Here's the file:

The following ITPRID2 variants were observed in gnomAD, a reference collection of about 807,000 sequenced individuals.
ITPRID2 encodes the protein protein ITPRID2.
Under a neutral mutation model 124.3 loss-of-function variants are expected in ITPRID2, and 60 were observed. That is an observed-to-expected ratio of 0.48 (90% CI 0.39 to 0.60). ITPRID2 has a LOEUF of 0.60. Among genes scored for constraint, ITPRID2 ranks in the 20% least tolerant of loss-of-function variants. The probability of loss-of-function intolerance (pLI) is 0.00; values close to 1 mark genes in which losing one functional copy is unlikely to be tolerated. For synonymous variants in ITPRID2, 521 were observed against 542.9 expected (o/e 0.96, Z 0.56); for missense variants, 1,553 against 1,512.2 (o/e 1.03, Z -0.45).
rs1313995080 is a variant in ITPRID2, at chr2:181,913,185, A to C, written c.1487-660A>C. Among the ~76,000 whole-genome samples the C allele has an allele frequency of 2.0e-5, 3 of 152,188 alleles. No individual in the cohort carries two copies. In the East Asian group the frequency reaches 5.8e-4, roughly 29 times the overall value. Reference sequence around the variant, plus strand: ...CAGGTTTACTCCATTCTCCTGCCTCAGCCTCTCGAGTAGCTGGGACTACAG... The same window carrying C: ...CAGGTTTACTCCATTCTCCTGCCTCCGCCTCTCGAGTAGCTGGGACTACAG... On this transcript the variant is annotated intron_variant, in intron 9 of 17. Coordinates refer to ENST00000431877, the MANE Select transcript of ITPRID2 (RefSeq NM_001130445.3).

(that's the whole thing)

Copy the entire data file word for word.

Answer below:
The following ITPRID2 variants were observed in gnomAD, a reference collection of about 807,000 sequenced individuals.
ITPRID2 encodes the protein protein ITPRID2.
Under a neutral mutation model 124.3 loss-of-function variants are expected in ITPRID2, and 60 were observed. That is an observed-to-expected ratio of 0.48 (90% CI 0.39 to 0.60). ITPRID2 has a LOEUF of 0.60. Among genes scored for constraint, ITPRID2 ranks in the 20% least tolerant of loss-of-function variants. The probability of loss-of-function intolerance (pLI) is 0.00; values close to 1 mark genes in which losing one functional copy is unlikely to be tolerated. For synonymous variants in ITPRID2, 521 were observed against 542.9 expected (o/e 0.96, Z 0.56); for missense variants, 1,553 against 1,512.2 (o/e 1.03, Z -0.45).
rs1313995080 is a variant in ITPRID2, at chr2:181,913,185, A to C, written c.1487-660A>C. Among the ~76,000 whole-genome samples the C allele has an allele frequency of 2.0e-5, 3 of 152,188 alleles. No individual in the cohort carries two copies. In the East Asian group the frequency reaches 5.8e-4, roughly 29 times the overall value. Reference sequence around the variant, plus strand: ...CAGGTTTACTCCATTCTCCTGCCTCAGCCTCTCGAGTAGCTGGGACTACAG... The same window carrying C: ...CAGGTTTACTCCATTCTCCTGCCTCCGCCTCTCGAGTAGCTGGGACTACAG... On this transcript the variant is annotated intron_variant, in intron 9 of 17. Coordinates refer to ENST00000431877, the MANE Select transcript of ITPRID2 (RefSeq NM_001130445.3).